If you’re new to practicing the mindset of EDC or if you got your first pocket knife in elementary school, constantly evaluating your EDC is an important part of ensuring you are prepared for the unknowns of the everyday. Only you know where you’re going, what you’re doing, who you will be with.
We drool over the latest tools, knives, and gear, but updating your everyday carry doesn’t have to be expensive. We put together a list of our top EDC gear under $10 so you can change up your Primary or Secondary EDC to ensure you have the most useful setup, no matter what you have planned.
In no particular order, let’s take a look at our top 10:
We have talked about before how important carrying a pocket notebook is in day-to-day life. Being intentional about writing things down, whether to-do lists, notes, phone numbers or just doodles, can better set you up for remembering life’s details. It also creates a record of what you wrote down, giving a little bit of history in the mundane parts of life.
We did a full review of the Gerber Shard here as its an EDC favorite for many.
At only 0.6 ounces in weight, it boasts 7 functions and easily fits into your keychain EDC setup. The large lanyard hole allows you to use all of its 7 tools without taking it off, which sets itself apart from many other one-piece keychain tools.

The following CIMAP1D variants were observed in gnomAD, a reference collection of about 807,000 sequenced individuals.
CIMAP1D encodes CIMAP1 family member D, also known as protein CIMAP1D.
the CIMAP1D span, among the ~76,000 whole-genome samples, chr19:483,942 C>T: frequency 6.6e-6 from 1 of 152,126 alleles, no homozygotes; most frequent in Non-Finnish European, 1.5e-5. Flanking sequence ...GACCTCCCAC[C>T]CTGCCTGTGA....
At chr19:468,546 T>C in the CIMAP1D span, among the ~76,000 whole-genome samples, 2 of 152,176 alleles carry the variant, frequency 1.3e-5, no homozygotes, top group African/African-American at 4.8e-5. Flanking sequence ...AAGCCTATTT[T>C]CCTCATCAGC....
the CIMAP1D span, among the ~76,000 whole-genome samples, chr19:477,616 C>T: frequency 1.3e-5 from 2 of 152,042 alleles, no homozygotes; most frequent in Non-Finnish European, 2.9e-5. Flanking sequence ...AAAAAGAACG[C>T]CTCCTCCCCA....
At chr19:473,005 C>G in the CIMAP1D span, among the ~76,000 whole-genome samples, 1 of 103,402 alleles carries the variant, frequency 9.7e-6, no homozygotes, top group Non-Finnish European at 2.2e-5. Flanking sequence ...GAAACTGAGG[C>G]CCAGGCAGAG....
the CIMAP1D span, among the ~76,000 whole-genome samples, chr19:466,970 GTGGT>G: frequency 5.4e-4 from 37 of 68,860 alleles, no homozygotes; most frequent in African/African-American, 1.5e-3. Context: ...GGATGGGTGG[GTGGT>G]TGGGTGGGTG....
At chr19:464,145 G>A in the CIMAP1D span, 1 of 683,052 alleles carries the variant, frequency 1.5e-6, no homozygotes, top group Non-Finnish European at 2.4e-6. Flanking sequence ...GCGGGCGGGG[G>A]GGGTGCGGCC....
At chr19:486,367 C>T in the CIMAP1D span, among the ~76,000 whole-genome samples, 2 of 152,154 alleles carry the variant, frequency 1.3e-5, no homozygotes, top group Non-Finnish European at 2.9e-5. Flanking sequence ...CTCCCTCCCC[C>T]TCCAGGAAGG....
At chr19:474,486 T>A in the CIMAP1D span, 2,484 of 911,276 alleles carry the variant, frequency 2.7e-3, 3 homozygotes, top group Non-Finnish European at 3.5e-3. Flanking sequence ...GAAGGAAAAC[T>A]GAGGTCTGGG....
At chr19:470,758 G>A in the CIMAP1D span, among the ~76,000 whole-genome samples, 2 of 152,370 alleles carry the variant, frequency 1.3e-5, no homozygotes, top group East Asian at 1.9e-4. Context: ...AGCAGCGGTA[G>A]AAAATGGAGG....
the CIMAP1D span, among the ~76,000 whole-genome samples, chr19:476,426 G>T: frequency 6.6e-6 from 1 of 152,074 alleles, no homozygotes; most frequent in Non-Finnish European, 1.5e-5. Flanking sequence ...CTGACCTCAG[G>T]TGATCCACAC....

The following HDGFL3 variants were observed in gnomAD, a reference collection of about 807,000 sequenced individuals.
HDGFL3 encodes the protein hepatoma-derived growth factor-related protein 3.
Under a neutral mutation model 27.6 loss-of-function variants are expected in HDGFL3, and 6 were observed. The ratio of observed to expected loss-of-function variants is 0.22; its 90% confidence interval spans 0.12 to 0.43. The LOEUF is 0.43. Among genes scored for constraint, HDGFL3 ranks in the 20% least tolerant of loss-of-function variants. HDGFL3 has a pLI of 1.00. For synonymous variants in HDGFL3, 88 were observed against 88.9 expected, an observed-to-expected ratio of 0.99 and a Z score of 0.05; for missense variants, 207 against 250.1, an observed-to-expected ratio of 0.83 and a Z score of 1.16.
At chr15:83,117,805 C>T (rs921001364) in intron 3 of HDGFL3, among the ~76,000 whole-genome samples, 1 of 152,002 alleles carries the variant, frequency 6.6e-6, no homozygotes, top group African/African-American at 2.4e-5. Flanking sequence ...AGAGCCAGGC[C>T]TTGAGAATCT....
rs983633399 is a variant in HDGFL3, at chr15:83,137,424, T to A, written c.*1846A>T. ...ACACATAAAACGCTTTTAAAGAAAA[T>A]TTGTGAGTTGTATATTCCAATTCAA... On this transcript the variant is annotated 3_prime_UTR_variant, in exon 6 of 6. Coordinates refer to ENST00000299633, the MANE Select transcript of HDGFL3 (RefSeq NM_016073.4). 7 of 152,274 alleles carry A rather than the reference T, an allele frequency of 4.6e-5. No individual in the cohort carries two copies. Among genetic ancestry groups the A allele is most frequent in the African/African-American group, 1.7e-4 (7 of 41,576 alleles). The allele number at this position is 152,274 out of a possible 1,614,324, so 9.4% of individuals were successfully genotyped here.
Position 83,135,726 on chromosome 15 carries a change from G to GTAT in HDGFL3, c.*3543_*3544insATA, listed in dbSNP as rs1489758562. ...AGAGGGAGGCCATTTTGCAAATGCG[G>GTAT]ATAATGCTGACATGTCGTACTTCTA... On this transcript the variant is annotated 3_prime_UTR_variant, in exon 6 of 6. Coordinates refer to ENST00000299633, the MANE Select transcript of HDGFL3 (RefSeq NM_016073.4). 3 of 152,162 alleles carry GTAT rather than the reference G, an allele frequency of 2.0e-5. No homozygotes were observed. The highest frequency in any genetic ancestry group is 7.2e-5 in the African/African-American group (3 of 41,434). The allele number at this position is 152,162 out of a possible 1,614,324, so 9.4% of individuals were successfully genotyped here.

Unlike a folding multitool that conceals its tools and functions, this one-piece leaves all its tools exposed, which depending on your keychain setup, can poke you in the wrong places.
Here at Option Gray, we’re pretty evenly divided about keeping the Shard (or any other OPMT, one-piece multitool) on a keychain that lives in our pockets or attached to a belt loop via a carabiner or TEC Accessories P-7 Suspension Clip. Either way works.
For function and price, you’d be hard-pressed to find a better value than the Gerber Shard.
Made out of heat-treated blackened steel, this Screw Key Set is as basic as it can get. It’s the simple idea of a screwdriver on your keyring.
The set includes a standard and Phillips screwdriver, both attached to a 1″ diameter satin keyring.